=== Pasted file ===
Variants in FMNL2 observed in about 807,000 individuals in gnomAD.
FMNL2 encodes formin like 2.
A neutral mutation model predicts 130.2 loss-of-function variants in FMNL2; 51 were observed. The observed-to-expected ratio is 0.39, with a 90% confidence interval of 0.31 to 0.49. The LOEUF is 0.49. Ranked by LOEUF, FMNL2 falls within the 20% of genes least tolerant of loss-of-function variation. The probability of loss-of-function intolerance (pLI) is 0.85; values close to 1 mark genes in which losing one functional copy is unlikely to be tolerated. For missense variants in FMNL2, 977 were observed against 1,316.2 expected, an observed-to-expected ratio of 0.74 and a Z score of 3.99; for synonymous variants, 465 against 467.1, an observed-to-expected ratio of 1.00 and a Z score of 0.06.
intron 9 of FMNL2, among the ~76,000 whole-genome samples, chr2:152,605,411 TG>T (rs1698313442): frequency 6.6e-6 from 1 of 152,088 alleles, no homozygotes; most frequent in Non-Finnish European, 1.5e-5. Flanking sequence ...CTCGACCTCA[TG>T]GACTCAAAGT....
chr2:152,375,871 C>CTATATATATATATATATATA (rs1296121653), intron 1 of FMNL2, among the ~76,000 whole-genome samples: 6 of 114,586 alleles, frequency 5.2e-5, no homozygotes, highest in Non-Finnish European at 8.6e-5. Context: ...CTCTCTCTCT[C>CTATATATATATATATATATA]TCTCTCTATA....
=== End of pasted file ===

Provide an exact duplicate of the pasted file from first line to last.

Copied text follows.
Variants in FMNL2 observed in about 807,000 individuals in gnomAD.
FMNL2 encodes formin like 2.
A neutral mutation model predicts 130.2 loss-of-function variants in FMNL2; 51 were observed. The observed-to-expected ratio is 0.39, with a 90% confidence interval of 0.31 to 0.49. The LOEUF is 0.49. Ranked by LOEUF, FMNL2 falls within the 20% of genes least tolerant of loss-of-function variation. The probability of loss-of-function intolerance (pLI) is 0.85; values close to 1 mark genes in which losing one functional copy is unlikely to be tolerated. For missense variants in FMNL2, 977 were observed against 1,316.2 expected, an observed-to-expected ratio of 0.74 and a Z score of 3.99; for synonymous variants, 465 against 467.1, an observed-to-expected ratio of 1.00 and a Z score of 0.06.
intron 9 of FMNL2, among the ~76,000 whole-genome samples, chr2:152,605,411 TG>T (rs1698313442): frequency 6.6e-6 from 1 of 152,088 alleles, no homozygotes; most frequent in Non-Finnish European, 1.5e-5. Flanking sequence ...CTCGACCTCA[TG>T]GACTCAAAGT....
chr2:152,375,871 C>CTATATATATATATATATATA (rs1296121653), intron 1 of FMNL2, among the ~76,000 whole-genome samples: 6 of 114,586 alleles, frequency 5.2e-5, no homozygotes, highest in Non-Finnish European at 8.6e-5. Context: ...CTCTCTCTCT[C>CTATATATATATATATATATA]TCTCTCTATA....